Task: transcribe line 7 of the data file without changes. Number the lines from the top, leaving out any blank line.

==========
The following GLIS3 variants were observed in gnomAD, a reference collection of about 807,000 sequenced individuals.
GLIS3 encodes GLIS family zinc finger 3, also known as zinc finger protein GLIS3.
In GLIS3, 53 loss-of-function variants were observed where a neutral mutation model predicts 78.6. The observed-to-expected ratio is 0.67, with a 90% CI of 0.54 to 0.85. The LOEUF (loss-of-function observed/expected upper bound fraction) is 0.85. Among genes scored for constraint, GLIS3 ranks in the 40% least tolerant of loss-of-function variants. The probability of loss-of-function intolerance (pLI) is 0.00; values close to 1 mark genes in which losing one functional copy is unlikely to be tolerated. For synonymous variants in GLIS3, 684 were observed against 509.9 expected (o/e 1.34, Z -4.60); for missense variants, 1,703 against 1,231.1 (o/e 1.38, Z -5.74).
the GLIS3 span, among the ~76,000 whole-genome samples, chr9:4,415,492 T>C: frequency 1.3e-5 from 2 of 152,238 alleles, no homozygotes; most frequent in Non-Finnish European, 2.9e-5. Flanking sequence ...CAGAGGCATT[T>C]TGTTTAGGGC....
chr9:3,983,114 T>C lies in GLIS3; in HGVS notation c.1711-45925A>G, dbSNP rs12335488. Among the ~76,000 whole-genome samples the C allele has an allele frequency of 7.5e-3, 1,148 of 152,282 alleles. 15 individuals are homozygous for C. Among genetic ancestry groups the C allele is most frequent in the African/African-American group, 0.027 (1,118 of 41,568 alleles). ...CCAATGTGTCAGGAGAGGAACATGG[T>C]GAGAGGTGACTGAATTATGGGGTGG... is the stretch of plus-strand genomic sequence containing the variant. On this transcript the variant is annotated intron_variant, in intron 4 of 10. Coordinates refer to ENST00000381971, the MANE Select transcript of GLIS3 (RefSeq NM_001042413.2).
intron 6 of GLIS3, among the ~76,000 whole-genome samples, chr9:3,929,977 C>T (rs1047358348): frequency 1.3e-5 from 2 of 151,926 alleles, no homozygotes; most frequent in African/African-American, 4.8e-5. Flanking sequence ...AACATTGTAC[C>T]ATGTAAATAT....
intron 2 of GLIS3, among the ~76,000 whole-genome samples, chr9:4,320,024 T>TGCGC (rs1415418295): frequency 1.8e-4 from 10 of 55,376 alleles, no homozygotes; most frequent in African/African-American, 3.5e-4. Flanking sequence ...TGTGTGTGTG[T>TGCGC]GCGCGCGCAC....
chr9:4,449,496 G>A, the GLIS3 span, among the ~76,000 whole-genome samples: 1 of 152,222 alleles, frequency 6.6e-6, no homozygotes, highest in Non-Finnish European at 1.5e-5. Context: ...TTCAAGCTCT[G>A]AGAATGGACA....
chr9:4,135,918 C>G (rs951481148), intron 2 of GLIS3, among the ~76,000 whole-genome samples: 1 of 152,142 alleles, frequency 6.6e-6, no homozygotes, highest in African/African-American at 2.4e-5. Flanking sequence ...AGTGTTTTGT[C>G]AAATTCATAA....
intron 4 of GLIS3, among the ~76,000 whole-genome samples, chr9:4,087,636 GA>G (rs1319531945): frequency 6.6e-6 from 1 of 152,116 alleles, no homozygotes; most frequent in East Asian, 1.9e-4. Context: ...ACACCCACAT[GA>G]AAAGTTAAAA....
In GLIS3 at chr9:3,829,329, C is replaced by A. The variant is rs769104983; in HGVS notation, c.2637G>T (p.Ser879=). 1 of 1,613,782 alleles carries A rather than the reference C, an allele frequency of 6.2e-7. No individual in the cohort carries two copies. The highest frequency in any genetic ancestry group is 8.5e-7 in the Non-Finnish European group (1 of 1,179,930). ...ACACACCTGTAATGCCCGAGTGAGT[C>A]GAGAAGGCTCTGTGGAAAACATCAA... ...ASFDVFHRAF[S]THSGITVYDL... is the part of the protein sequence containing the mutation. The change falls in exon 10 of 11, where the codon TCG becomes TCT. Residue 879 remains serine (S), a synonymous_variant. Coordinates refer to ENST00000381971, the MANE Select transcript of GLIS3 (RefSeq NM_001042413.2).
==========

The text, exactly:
intron 2 of GLIS3, among the ~76,000 whole-genome samples, chr9:4,320,024 T>TGCGC (rs1415418295): frequency 1.8e-4 from 10 of 55,376 alleles, no homozygotes; most frequent in African/African-American, 3.5e-4. Flanking sequence ...TGTGTGTGTG[T>TGCGC]GCGCGCGCAC....